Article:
And yet, what happens? We know what. As the cup tilteth over, the marshmallow evades our capture. Like a bubble in a level or a bunch of grapes in Greek mythology, the marshmallow escapes our capture. Coy, it floats away to the upper rim. We try again. Again, no win. By a quirk of physics and fluff, the tiny air bubbles which imbue marshmallows with their tender flesh-like form ensure they will always frustrate us in our pursuit.

Simultaneously the heat of the cocoa works to dissolve the sugars that keep the mallow whole. So, not only are we frustrated that the marshmallow does not bend towards our will but we are painfully aware that the marshmallow itself is impermanent. Naturally, we begin to panic.

We begin to assign this marshmallow undue and numinous meaning. If only we can capture it, our cocoa will be perfect. And with perfect hot cocoa on a cold day, nothing is unattainable. Happiness is at our lips, so close we can taste it. So we raise the mug again and again in an ever more foul mood. The hot chocolate goes from sweet to bittersweet to bitter. Any remnant comfort it proffered acidulates into frustration. Neither the cocoa nor the fire nor the company offers much warmth anymore. For all we see is the marshmallow retreating and with it our hopes for satisfaction.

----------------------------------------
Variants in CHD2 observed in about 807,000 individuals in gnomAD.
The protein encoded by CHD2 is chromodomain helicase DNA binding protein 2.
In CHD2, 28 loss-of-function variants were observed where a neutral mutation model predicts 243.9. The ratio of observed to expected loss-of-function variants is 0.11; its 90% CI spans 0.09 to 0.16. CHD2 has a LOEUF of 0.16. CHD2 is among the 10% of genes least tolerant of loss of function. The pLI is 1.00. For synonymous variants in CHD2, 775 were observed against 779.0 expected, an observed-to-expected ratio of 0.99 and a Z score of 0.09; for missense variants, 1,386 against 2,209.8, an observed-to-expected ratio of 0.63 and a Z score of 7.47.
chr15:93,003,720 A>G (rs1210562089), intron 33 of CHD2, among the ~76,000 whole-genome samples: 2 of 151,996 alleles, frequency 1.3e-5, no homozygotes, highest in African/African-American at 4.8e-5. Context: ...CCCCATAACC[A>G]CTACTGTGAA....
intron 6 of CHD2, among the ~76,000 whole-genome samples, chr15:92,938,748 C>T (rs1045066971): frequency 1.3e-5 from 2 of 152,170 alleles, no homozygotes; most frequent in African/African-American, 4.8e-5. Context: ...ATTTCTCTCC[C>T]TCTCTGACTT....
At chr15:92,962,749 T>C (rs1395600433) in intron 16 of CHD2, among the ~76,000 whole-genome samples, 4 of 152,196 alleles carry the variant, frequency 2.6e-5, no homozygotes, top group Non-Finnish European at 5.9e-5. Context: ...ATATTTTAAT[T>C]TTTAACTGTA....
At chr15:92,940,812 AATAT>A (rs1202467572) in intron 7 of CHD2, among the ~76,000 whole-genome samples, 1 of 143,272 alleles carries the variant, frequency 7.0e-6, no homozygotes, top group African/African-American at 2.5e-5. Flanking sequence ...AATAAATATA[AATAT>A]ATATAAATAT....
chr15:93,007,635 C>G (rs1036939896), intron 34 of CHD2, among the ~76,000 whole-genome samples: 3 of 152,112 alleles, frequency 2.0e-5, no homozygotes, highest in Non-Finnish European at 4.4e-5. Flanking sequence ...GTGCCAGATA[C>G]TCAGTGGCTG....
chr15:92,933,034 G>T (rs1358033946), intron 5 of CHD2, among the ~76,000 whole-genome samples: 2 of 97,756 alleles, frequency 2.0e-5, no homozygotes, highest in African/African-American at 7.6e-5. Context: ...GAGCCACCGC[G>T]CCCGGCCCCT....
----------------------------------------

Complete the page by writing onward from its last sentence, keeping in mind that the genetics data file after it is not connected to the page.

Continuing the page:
The pursuit is, of course, futile. And contrary to Camus, it does not seem that we can imagine ourselves happy sipping Sisyphi. “The struggle itself toward the heights is enough to fill a man’s heart,” he wrote. But Camus never had a mug of hot cocoa. (He preferred coffee and cigarettes.) The struggle for the marshmallow is not similarly edifying. It sucks eggs.

There is, however, good news. For the truth is, the marshmallow in the hot cocoa is not a problem. It is we who placed it there and we who tilt the cup and we who grimace as it glides away and we who think, as we gulp the cocoa down in the meanwhile, that if only we can capture it then we’ll have the perfect sip of hot cocoa. Therefore, it is we who can change that too. And we should, before the cocoa is all gone and only embers fill the hearth. 

Joshua David Stein
Joshua David Stein

Joshua David Stein is a writer, editor and podcast host in New York City. He is the editor-at-large at Fatherly and host of The Fatherly Podcast. He is the author of multiple books including Food & Beer (Phaidon), Epicurean Journeys (Rizzoli), the forthcoming To Me He Was Just Dad (Artisan), Il Buco: Stories and Recipes (Harper Design) and the Nom Wah Tea Parlor cookbook (Ecco) as well as the co-author of Knopf ’s Notes from A Young Black Chef. He is also the author of the children’s books, Can I Eat That?; What’s Cooking?; Brick, Who Found Herself in Architecture; Can You Eat? and The Ball Book.
A longtime media fixture, Stein has been the editor-in-chief of Blackbook Magazine, the editor at Black Ink, a senior editor at Departures, the senior editor of Eater, the editor-at-large at Out magazine and at Tasting Table. He is currently a contributing editor at Food & Wine.
Stein lives in Brooklyn with his two young sons.